To embody this conflict, I created two primary deities drawn from Celtic mythology. In Irish legend, it is the goddess of the land who chooses the rightful king; her body is literally the island of Ireland and she represents its sovereignty. Éire—the name for Ireland in the Irish language—in fact evolved from the Old Irish word Ériu, which is the name of this sovereignty goddess. The Goddess Ériu is consequently the font of both magic and political power in Sweet Black Waves’ kingdom of Iveriu (in which I have also incorporated her name!)

But if Ériu is the goddess who imbues Branwen with her healing magic, who tempts her with the more destructive facet of her power?

That honor goes to Dhusnos who rules the Sea of the Dead, which you’ll see on the map lies between Iveriu and Kernyv. In the eleventh-century manuscript, Lebor Gabála Érenn (“The Book of Invasions”), which is an Irish pseudo-history, we learn that a human male named Éber Donn offended the goddess Ériu and he was subsequently drowned in a shipwreck and buried on an island that becomes known as Tech Duinn (“the House of Donn”).

Etymologically speaking Donn also means “The Dark One” and there is evidence that he was long considered to be a god of death. The House of Donn therefore may have been viewed a place where souls gathered before moving on to the Otherworld.

For my purposes, this long-standing dispute between Ériu and Donn, between the land and the sea, established the perfect duality for my magic system. This fight between the dark and light, nurturing and destructive sides of Branwen’s magic—and her heart—propels her throughout the trilogy.

There are many more Celtic gods and supernatural entities (whom I call “Old Ones”) than I could possibly incorporate into my world or than would be necessary to include. When constructing your own pantheon, it’s important to remember that all elements of your world building should serve the story in some way.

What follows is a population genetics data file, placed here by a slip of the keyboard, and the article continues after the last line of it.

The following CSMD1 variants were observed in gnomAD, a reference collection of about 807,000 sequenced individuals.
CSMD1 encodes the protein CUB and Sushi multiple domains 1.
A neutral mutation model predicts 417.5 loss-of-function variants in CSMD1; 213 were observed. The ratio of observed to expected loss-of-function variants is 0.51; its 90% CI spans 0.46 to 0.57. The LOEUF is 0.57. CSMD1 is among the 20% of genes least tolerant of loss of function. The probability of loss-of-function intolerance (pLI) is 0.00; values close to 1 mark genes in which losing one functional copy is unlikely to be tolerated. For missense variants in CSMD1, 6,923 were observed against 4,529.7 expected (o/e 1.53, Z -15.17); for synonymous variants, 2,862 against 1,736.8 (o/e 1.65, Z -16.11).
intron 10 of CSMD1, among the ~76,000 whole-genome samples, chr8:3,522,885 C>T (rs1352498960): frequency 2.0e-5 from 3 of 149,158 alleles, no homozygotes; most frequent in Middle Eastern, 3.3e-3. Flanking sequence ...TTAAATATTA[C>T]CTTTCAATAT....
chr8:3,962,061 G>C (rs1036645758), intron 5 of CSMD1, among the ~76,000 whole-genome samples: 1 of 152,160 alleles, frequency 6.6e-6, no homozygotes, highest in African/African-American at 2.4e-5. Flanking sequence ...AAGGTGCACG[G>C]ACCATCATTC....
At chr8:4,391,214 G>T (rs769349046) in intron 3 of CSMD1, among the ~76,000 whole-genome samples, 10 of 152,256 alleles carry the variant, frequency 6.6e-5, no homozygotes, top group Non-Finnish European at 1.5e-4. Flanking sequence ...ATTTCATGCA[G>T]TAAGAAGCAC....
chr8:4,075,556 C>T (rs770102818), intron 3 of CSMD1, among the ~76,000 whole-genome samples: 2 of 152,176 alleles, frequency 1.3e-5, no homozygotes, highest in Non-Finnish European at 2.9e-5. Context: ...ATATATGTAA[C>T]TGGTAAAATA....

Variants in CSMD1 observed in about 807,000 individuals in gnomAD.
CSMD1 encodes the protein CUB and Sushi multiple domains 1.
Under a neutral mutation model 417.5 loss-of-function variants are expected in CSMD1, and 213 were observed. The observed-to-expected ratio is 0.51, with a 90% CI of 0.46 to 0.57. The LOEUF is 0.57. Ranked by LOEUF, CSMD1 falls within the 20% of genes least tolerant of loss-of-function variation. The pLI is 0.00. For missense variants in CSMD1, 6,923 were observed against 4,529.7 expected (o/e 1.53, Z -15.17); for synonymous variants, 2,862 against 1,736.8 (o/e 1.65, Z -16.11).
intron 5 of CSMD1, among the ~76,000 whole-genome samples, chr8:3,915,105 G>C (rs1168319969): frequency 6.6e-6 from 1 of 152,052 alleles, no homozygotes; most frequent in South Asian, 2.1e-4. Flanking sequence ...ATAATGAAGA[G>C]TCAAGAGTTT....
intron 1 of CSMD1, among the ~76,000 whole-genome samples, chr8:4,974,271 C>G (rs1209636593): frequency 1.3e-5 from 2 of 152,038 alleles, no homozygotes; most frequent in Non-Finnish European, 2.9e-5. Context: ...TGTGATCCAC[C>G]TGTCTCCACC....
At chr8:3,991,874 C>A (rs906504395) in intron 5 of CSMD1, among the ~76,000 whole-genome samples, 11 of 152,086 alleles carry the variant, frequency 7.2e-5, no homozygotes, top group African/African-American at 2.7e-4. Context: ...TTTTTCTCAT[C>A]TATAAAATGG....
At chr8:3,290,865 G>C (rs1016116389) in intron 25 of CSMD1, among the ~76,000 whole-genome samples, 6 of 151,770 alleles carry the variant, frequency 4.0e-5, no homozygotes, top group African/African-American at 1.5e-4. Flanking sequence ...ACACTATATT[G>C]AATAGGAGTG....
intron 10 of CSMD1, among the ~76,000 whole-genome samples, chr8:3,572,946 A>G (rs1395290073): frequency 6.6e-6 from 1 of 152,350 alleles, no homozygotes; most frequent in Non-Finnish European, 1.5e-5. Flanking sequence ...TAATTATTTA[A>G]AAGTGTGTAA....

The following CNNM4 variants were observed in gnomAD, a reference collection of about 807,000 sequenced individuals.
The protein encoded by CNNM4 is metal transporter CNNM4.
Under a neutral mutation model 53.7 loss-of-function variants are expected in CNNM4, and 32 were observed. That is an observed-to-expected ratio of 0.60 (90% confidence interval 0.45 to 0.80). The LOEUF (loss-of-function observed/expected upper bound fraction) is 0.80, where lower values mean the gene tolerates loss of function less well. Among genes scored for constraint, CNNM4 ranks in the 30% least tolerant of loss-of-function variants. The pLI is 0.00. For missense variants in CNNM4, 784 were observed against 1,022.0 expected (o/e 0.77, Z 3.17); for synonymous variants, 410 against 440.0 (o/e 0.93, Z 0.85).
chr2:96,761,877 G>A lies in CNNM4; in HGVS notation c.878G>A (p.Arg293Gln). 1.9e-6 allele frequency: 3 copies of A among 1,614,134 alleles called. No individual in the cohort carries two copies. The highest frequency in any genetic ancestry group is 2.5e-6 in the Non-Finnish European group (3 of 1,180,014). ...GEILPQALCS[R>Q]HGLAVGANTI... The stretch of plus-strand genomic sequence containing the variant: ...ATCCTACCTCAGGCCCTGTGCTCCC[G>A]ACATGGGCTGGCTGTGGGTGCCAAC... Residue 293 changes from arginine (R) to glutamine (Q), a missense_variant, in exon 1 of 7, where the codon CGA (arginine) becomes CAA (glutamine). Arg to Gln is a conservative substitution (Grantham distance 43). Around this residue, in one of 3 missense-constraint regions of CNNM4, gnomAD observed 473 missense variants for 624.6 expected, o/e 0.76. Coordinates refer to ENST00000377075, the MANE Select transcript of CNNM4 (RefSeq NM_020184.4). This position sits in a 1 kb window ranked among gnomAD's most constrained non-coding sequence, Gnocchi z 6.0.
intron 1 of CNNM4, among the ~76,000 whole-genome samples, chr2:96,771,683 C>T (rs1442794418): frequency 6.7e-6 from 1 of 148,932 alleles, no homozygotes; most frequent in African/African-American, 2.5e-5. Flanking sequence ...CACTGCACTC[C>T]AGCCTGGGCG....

Once you’ve drawn these first big lines on your map, you can have fun with the landmarks—rivers, forests etc.—in filling in the texture of your world and magic system.

When you were a kid, did you ever go on adventures in the woods, stumble across a cave and come up with stories about the troll who lived there? Okay, maybe that was just me, but the point is that you and your characters can have fun fleshing out the details of both your physical and magical worlds at the same time.

As the world builder, you are both the mapmaker and the magic-maker, so have fun with it! I can’t wait to see what you create.

Thank so much for sharing all your scholarly insight, Kristina. 😊 I love how your training shines through in you approach to story—just as my science background sneaks through into mine!

And don't miss Kristina's next release, Bright Raven Skies, releasing August 25th! There's a preorder campaign going on too, so be sure to check that out.

Upcoming Events:

I have nothing planned right now, but stay tuned!

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Buy my books! 📚
Thank you for reading! Have a fabulous weekend, friends!

Susan Dennard
110 West 40th St.
Suite 2201
New York, NY 10018